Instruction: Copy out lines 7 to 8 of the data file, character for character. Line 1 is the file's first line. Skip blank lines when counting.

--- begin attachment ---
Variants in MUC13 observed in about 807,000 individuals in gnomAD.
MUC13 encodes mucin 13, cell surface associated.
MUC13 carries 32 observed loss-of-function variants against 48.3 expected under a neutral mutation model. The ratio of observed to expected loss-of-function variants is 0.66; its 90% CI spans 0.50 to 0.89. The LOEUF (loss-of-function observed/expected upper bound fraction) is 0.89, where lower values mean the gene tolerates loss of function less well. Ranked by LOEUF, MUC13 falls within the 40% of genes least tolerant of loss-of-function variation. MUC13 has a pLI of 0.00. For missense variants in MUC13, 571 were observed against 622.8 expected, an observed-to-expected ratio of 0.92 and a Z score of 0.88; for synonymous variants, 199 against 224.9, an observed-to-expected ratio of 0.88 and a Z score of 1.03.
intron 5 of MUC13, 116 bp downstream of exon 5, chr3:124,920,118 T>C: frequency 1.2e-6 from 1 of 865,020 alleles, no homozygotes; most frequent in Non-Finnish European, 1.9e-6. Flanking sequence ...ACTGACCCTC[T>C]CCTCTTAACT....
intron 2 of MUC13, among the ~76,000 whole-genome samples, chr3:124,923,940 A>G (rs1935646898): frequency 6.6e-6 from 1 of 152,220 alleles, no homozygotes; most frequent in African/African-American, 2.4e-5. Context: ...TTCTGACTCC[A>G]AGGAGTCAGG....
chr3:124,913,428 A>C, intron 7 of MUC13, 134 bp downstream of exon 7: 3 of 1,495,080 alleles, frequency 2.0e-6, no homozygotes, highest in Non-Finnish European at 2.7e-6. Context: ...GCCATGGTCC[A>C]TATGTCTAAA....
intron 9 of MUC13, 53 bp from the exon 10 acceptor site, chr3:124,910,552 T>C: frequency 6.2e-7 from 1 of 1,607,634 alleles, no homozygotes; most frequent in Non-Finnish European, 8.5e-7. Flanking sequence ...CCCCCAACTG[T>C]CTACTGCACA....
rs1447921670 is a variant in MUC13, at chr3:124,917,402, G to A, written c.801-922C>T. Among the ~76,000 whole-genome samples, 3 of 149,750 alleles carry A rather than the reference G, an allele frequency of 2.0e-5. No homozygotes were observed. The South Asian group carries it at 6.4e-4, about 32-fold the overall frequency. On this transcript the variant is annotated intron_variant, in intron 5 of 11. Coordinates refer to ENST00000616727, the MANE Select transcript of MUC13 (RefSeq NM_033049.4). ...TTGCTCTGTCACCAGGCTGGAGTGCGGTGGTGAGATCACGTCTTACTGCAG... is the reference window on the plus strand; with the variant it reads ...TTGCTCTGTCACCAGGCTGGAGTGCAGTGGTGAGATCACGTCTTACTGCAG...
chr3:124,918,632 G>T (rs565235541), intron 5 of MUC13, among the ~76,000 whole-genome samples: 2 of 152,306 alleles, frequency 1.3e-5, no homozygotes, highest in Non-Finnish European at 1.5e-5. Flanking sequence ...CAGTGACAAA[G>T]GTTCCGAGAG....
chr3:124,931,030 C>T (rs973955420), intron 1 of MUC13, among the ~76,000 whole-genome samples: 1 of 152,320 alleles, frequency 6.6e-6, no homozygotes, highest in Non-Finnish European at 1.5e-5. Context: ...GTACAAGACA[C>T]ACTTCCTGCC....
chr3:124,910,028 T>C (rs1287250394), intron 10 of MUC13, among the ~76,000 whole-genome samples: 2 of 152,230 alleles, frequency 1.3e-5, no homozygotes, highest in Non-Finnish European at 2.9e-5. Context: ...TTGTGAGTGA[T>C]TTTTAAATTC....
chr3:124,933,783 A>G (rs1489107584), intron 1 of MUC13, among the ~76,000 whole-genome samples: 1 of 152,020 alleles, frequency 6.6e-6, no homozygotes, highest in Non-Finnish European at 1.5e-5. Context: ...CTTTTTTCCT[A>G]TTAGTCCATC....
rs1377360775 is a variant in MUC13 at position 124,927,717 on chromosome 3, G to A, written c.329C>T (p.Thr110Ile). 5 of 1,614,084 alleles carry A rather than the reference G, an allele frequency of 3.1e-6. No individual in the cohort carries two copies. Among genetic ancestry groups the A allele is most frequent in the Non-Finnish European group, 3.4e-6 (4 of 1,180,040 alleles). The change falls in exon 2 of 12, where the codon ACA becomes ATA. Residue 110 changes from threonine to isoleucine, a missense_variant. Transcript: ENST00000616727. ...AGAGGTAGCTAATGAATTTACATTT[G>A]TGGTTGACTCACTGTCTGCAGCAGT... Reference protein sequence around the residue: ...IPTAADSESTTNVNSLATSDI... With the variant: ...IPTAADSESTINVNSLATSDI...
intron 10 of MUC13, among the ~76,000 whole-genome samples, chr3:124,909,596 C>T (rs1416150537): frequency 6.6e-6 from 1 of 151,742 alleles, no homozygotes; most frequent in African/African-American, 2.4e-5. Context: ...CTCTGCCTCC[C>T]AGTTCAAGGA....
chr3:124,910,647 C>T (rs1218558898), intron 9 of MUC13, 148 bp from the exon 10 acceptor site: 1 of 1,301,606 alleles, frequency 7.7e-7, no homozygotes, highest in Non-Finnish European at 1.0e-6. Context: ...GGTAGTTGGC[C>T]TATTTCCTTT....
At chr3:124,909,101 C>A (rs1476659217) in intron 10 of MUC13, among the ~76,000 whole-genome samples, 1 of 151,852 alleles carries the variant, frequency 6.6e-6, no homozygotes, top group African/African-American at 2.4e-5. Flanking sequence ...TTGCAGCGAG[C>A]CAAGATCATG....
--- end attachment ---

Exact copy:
intron 9 of MUC13, 53 bp from the exon 10 acceptor site, chr3:124,910,552 T>C: frequency 6.2e-7 from 1 of 1,607,634 alleles, no homozygotes; most frequent in Non-Finnish European, 8.5e-7. Flanking sequence ...CCCCCAACTG[T>C]CTACTGCACA....
rs1447921670 is a variant in MUC13, at chr3:124,917,402, G to A, written c.801-922C>T. Among the ~76,000 whole-genome samples, 3 of 149,750 alleles carry A rather than the reference G, an allele frequency of 2.0e-5. No homozygotes were observed. The South Asian group carries it at 6.4e-4, about 32-fold the overall frequency. On this transcript the variant is annotated intron_variant, in intron 5 of 11. Coordinates refer to ENST00000616727, the MANE Select transcript of MUC13 (RefSeq NM_033049.4). ...TTGCTCTGTCACCAGGCTGGAGTGCGGTGGTGAGATCACGTCTTACTGCAG... is the reference window on the plus strand; with the variant it reads ...TTGCTCTGTCACCAGGCTGGAGTGCAGTGGTGAGATCACGTCTTACTGCAG...